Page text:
India rates seen on hold until late 2018 as RBI shifts to neutral: Reuters poll | Reuters

By Rahul Karunakar | BENGALURU BENGALURU The Reserve Bank of India will likely keep interest rates on hold until at least the second half of next year, according to a Reuters snap poll taken after the central bank's shock decision to shift its policy stance to neutral.While the consensus view in the survey of 45 economists pointed to the policy repo rate INREPO=ECI staying unchanged at 6.25 percent until July-September quarter 2018, a little less than one-fifth still predicted a cut as early as April-June this year.The central bank surprised markets on Wednesday by leaving the repo rate unchanged and signaling a move away from an easing bias, even though the impact of the government's withdrawal of high denomination banknotes, accounting for around 86 percent of currency in circulation, was still unclear.Over the past two years, the RBI has lowered its policy rate by 1.75 percentage points in its longest easing cycle since the global financial crisis.And while many had been forecasting some pause in the rate cutting, few had expected the central bank to signal a policy shift at its Feb. 8 review.

Reuters February 10, 2017 22:00:07 IST
India rates seen on hold until late 2018 as RBI shifts to neutral: Reuters poll
| Reuters

India rates seen on hold until late 2018 as RBI shifts to neutral Reuters poll
 Reuters

By Rahul Karunakar
| BENGALURU

BENGALURU The Reserve Bank of India will likely keep interest rates on hold until at least the second half of next year, according to a Reuters snap poll taken after the central bank's shock decision to shift its policy stance to neutral.While the consensus view in the survey of 45 economists pointed to the policy repo rate INREPO=ECI staying unchanged at 6.25 percent until July-September quarter 2018, a little less than one-fifth still predicted a cut as early as April-June this year.The central bank surprised markets on Wednesday by leaving the repo rate unchanged and signaling a move away from an easing bias, even though the impact of the government's withdrawal of high denomination banknotes, accounting for around 86 percent of currency in circulation, was still unclear.Over the past two years, the RBI has lowered its policy rate by 1.75 percentage points in its longest easing cycle since the global financial crisis.And while many had been forecasting some pause in the rate cutting, few had expected the central bank to signal a policy shift at its Feb. 8 review. The median from a smaller sample of economists in the latest poll, conducted Feb 9-10, showed the next RBI move will likely be a cut to 6.0 percent in the quarter through to September 2018. That compares with a consensus from a week earlier of two cuts by the end of September this year.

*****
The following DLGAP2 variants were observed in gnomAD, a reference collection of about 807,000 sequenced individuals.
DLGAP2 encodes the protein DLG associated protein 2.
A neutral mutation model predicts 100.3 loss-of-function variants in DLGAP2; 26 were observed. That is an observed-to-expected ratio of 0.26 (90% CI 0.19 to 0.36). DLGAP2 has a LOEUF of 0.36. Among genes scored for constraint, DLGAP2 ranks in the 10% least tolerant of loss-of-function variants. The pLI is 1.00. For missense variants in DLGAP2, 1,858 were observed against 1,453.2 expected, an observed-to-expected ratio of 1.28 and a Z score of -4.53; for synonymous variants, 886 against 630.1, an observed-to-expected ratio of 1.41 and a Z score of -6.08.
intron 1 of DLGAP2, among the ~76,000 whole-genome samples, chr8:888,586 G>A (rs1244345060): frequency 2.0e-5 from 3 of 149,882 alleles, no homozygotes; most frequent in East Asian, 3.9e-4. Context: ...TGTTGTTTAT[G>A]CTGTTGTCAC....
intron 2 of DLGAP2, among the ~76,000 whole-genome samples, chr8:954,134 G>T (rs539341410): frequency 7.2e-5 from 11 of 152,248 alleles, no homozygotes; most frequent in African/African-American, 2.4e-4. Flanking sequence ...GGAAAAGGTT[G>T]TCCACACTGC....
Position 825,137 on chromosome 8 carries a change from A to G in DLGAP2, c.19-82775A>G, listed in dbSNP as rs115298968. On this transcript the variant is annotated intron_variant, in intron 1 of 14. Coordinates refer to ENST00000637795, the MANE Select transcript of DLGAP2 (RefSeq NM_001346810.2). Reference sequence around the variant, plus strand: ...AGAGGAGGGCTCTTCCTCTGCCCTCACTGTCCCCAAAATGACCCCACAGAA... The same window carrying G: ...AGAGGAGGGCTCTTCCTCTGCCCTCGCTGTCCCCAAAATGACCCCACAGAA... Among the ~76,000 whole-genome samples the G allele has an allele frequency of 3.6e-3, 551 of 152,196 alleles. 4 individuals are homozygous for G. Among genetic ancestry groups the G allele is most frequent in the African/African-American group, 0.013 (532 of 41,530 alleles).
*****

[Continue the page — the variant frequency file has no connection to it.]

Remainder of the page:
"Fearful of upside risk to inflation, the RBI has shifted its monetary policy stance from accommodative to neutral, indicating a virtual end of easing cycle," wrote Kunal Kumar Kundu, India economist at Societe Generale."We, however, believe that some of the challenges - posing upside risk to inflation - may not manifest to the extent that RBI fears. We also believe the demonetization will impact the economy more adversely than RBI's expectation."Data due to be released on Feb. 13 is expected to show retail inflation cooled in January to the lowest level in at least five years thanks to lower food prices and weaker demand following the government's ban on high-value currency notes.Asked if the sudden shift in the RBI's tone regarding inflation concerns was a clear sign of no further easing this year, a little over half the 50 economists polled agreed. The remaining 21 disagreed.

The RBI is worried about core inflation remaining sticky. It also said on Wednesday it needs more time to gauge the impact of global risks to both inflation and the rupee, with the currency trading near a record low against the dollar.A pickup in global crude oil prices, up nearly 14 percent since end-November, was another concern.Thirty of 46 economists who answered an supplementary question said they agreed with the RBI's policy stance. The remaining 16 said it was imprudent as the economy was likely to be hit harder than realized by the ban on high value banknotes.

Farmers, households and companies have struggled to meet their daily cash needs in the wake of the government's surprise action and the official estimate of 7.1 percent economic growth for the fiscal year through March would already mark the slowest in three years."If you ask anyone if they can estimate the impact of demonetization, no one will have a clue," said Arun Singh, lead economist at Dun & Bradstreet."We are still trying to digest and estimate what went on during that time and how it is going to impact the economy. No one knows the depth of its risks and the depth of its impact."(The story removes sentence fragment below 13th paragraph) (Additional reporting by Anu Bararia; Polling by Shaloo Shrivastava and Khushboo Mittal; Editing by Ross Finley and Simon Cameron-Moore)

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